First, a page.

Thousands still arriving on Italy's shores from Libya and Tunisia - UN agency
|Publisher||UN News Service|
|Publication Date||16 August 2011|
|Cite as||UN News Service, Thousands still arriving on Italy's shores from Libya and Tunisia - UN agency, 16 August 2011, available at: http://www.refworld.org/docid/4e4e25102.html [accessed 1 June 2016]|
|Disclaimer||This is not a UNHCR publication. UNHCR is not responsible for, nor does it necessarily endorse, its content. Any views expressed are solely those of the author or publisher and do not necessarily reflect those of UNHCR, the United Nations or its Member States.|
The majority of the new arrivals, some 1,800, set sail from Janzour, 12 kilometres west of the Libyan capital, Tripoli, where they had waited for over a week for calm sea conditions to depart, according to the UN High Commissioner for Refugees (UNHCR).
As for why they made the perilous sea journey across the Mediterranean, a group of Sudanese men told UNHCR staff that they were rounded up in Tripoli and forced on to a boat.
Others said they had lost jobs in Libya and were hoping for work in Europe, said the agency.
To date more than 1,500 people have lost their lives attempting to reach Italy's shores, often because of unsafe vessels and an absence of qualified skippers onboard. At the beginning of June at least 150 people who fled Libya drowned in one of the year's deadliest boat incidents in the Mediterranean.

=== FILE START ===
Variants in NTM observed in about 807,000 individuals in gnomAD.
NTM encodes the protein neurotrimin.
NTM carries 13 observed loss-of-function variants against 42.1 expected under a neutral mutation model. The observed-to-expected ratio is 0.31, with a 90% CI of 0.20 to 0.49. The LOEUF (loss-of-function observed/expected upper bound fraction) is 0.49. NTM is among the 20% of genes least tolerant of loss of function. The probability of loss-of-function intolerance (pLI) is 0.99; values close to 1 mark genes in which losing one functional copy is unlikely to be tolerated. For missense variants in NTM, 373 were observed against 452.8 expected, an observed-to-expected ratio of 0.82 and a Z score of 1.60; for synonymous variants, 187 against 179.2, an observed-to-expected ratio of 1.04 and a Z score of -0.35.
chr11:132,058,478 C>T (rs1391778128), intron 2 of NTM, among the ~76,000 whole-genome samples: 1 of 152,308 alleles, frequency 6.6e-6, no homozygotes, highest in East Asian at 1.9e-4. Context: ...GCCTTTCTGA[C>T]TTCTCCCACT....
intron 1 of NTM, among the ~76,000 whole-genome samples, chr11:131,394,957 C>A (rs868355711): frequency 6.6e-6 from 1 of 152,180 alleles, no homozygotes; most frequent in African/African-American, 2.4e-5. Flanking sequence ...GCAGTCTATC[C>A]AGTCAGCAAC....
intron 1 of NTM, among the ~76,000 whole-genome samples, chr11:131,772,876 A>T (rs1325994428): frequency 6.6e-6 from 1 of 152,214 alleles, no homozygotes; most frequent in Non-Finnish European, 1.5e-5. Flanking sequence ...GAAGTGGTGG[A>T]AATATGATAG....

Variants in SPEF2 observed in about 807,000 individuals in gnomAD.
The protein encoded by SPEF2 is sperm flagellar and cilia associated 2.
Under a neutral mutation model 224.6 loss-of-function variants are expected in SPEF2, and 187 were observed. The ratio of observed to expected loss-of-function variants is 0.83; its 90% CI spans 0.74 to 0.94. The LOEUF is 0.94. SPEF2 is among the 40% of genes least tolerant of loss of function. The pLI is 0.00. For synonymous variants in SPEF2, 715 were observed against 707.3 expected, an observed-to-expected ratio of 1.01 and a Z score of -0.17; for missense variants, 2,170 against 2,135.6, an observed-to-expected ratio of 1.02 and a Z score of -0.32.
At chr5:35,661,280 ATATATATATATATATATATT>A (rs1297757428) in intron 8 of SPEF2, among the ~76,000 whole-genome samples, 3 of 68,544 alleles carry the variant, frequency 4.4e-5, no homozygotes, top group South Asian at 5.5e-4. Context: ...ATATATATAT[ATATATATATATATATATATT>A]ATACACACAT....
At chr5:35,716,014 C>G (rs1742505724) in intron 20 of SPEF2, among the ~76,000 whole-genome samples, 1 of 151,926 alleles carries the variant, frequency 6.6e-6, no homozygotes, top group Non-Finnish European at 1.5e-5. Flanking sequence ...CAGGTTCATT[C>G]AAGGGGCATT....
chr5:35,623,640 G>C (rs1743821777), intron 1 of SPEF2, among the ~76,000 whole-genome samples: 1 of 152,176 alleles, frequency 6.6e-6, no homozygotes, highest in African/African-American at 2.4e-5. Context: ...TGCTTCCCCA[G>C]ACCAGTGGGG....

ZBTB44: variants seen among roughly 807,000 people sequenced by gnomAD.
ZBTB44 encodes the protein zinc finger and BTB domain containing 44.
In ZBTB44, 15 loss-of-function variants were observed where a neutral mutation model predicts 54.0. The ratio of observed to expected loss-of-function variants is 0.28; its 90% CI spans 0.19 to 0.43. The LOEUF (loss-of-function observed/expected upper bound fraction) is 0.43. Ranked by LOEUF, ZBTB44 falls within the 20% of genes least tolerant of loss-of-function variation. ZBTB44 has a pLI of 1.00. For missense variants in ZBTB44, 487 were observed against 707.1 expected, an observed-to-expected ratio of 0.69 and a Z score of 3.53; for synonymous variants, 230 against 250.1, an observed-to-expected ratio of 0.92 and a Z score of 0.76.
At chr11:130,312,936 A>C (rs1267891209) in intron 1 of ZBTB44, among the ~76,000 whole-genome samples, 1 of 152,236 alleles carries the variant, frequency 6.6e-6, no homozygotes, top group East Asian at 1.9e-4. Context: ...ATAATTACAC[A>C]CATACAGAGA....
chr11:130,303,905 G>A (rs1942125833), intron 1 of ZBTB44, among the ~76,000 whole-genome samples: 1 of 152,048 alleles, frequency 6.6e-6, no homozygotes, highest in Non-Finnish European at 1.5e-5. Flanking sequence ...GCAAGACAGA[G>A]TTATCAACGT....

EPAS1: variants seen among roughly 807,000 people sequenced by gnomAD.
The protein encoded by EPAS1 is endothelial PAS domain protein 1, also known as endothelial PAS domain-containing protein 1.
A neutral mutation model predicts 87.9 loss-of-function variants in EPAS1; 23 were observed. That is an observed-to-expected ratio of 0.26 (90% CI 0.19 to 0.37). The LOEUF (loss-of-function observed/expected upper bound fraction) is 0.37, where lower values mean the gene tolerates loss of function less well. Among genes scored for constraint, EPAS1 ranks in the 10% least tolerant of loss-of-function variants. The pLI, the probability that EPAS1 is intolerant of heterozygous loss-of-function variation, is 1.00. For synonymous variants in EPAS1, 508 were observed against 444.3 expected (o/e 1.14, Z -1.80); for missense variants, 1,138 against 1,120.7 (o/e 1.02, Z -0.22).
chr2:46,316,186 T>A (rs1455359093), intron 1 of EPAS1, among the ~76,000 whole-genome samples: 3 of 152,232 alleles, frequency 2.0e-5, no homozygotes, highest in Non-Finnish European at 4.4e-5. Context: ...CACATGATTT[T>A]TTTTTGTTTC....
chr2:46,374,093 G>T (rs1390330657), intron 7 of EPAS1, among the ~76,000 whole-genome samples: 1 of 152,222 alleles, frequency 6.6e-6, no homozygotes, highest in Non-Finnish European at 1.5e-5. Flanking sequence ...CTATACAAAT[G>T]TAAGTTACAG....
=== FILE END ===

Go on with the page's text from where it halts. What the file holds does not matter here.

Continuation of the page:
UNHCR noted that some 52,000 people have arrived in Italy since the unrest in North Africa began earlier this year 27,000 of them departed from Libya and the rest from Tunisia.
The agency supports initiatives by the Italian Government for voluntary assisted repatriation of people found not to be in need of international protection.
At the same time, it is concerned by an ongoing trend of refugees awaiting resettlement interviews in Tunisia crossing back into Libya to board boats for Europe. The agency is carrying out mass information campaign in the refugee camps to warn people of the risks of this journey.